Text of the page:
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Another reason to do your Step 1


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I think the real logistical issues with going to the US for residency are:

1. Visa... Health Canada has been somewhat stingy in giving out Statements of Need for J-1 visas. If you're a US citizen or green card holder this isn't an issue but for most Canadians it is... not every category is at its numerical limit but some of the specialties are... you are competing with IMGs for these statements of need, after all...

2. Length and style of residency. FM is 3 years in the US, and that extra year doesn't give you any sort of extra practice rights in Canada (like doing a +1 year in Canada might). It's just an extra year of service at a resident's salary. IM in the US is a different beast - the way I understand, you have way more focus on primary care, and even then to practice in Canada you still need a 2 year fellowship even for GIM. Other specialties like psychiatry are shorter in the US, so you have to do an extra year to meet Royal College standards. Doesn't make it impossible but there are logistical issues, and once you count out FM, IM, Psych, that's the vast majority of residents. Other specialties have statement of need bottlenecks, as described above

Also in order to apply to the US not only do you have to do Step 1, Step 2 CS and CK before the ranking deadline, you should ideally do electives and get letters from US-based preceptors, but then you're diluting your competitiveness for Canada. And you're also spending loads of money to apply for NRMP and have to take more time off to do interviews. The US is also starting to have problems with large numbers of unmatched students as residency spots aren't keeping pace with overall student body growth and increasing numbers of US IMG's.

I think most people are going to have to choose either CaRMS or NRMP right off the bat and concentrate their strategy - hence why I think most people still try and match to Canada despite some advantages to trying for the US.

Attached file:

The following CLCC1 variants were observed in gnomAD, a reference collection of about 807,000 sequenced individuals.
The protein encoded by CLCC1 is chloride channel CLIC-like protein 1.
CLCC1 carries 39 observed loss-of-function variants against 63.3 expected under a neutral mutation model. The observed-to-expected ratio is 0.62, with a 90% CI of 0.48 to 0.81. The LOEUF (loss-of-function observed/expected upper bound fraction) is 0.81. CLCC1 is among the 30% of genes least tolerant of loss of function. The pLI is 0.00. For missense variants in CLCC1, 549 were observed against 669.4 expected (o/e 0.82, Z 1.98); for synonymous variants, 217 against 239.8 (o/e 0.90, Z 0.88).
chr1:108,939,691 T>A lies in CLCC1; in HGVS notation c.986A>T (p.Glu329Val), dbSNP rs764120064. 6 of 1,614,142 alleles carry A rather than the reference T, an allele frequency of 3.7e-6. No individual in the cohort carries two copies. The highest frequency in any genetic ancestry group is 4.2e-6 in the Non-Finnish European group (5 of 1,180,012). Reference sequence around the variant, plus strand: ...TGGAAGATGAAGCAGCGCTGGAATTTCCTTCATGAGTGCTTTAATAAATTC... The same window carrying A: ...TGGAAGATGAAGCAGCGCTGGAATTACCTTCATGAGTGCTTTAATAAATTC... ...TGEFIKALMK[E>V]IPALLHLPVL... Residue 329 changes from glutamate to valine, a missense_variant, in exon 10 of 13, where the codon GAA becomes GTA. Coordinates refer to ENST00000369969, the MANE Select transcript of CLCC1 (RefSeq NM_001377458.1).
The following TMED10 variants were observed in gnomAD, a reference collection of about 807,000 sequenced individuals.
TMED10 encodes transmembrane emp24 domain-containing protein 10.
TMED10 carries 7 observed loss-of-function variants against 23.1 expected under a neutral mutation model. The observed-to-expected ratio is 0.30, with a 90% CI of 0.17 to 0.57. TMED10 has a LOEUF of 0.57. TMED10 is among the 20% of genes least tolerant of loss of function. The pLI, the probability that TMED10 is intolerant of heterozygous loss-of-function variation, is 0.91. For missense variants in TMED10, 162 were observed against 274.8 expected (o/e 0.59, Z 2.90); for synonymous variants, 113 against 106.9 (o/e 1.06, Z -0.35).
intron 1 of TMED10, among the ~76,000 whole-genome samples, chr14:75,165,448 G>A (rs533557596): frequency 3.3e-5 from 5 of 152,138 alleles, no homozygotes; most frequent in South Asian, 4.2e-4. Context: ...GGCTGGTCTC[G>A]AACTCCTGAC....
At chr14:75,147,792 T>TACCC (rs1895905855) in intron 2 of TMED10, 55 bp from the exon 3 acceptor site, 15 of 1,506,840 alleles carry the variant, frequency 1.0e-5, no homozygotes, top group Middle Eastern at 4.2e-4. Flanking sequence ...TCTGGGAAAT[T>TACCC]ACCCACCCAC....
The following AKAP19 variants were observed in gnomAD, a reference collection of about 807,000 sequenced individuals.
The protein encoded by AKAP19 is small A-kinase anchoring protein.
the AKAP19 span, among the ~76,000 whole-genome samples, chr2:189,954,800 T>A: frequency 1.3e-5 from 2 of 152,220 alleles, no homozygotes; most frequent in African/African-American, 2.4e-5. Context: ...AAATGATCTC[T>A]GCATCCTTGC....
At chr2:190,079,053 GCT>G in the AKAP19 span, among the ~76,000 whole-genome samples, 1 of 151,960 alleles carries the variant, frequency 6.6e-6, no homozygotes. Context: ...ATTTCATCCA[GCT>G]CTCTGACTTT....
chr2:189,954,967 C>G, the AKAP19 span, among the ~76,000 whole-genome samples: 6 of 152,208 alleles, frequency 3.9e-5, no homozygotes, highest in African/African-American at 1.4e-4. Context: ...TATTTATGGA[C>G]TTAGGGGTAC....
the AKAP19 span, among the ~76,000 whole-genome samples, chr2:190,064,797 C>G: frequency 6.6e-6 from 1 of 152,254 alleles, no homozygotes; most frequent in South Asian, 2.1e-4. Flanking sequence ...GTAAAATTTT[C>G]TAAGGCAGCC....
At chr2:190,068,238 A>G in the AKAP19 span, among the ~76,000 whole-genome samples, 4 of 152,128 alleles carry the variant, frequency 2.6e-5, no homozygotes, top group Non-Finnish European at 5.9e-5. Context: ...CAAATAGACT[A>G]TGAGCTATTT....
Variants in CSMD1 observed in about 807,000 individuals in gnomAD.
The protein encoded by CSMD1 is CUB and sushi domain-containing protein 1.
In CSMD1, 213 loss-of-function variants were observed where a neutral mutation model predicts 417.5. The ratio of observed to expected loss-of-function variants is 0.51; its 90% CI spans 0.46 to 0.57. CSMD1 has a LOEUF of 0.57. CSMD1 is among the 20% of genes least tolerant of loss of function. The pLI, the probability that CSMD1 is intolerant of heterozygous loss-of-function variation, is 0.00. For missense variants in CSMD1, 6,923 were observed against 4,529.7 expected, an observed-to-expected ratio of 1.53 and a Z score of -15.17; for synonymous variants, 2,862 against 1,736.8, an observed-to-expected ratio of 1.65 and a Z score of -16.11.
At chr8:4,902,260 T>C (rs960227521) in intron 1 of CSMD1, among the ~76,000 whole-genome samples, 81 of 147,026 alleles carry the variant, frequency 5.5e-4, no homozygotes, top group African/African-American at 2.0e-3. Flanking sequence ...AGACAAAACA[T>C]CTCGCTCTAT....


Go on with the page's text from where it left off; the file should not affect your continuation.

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12 hours ago, shematoma said:

I think the real logistical issues with going to the US for residency are:

1. Visa... Health Canada has been somewhat stingy in giving out Statements of Need for J-1 visas. If you're a US citizen or green card holder this isn't an issue but for most Canadians it is... not every category is at its numerical limit but some of the specialties are... you are competing with IMGs for these statements of need, after all...

2. Length and style of residency. FM is 3 years in the US, and that extra year doesn't give you any sort of extra practice rights in Canada (like doing a +1 year in Canada might). It's just an extra year of service at a resident's salary. IM in the US is a different beast - the way I understand, you have way more focus on primary care, and even then to practice in Canada you still need a 2 year fellowship even for GIM. Other specialties like psychiatry are shorter in the US, so you have to do an extra year to meet Royal College standards. Doesn't make it impossible but there are logistical issues, and once you count out FM, IM, Psych, that's the vast majority of residents. Other specialties have statement of need bottlenecks, as described above

Also in order to apply to the US not only do you have to do Step 1, Step 2 CS and CK before the ranking deadline, you should ideally do electives and get letters from US-based preceptors, but then you're diluting your competitiveness for Canada. And you're also spending loads of money to apply for NRMP and have to take more time off to do interviews. The US is also starting to have problems with large numbers of unmatched students as residency spots aren't keeping pace with overall student body growth and increasing numbers of US IMG's.

I think most people are going to have to choose either CaRMS or NRMP right off the bat and concentrate their strategy - hence why I think most people still try and match to Canada despite some advantages to trying for the US.

That's been my thought as well, which is why I've always been skeptical of people suggesting applying for residencies in the US. If you're a dual citizen or have a spouse who's a US citizen, it's a much more viable option than if you're only a Canadian citizen/PR

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I think shikimate's point is for people to write the Step 1 in case they go unmatched so that they can write and apply to the US the 2nd year. However, I don't know if these are necessarily the same population of people. Writing the Step 1 and achieving a high enough score is not necessarily easy and the people who do achieve these scores usually do end up matching in Canada. It is much easier to just do more electives and try to match in Canada. 

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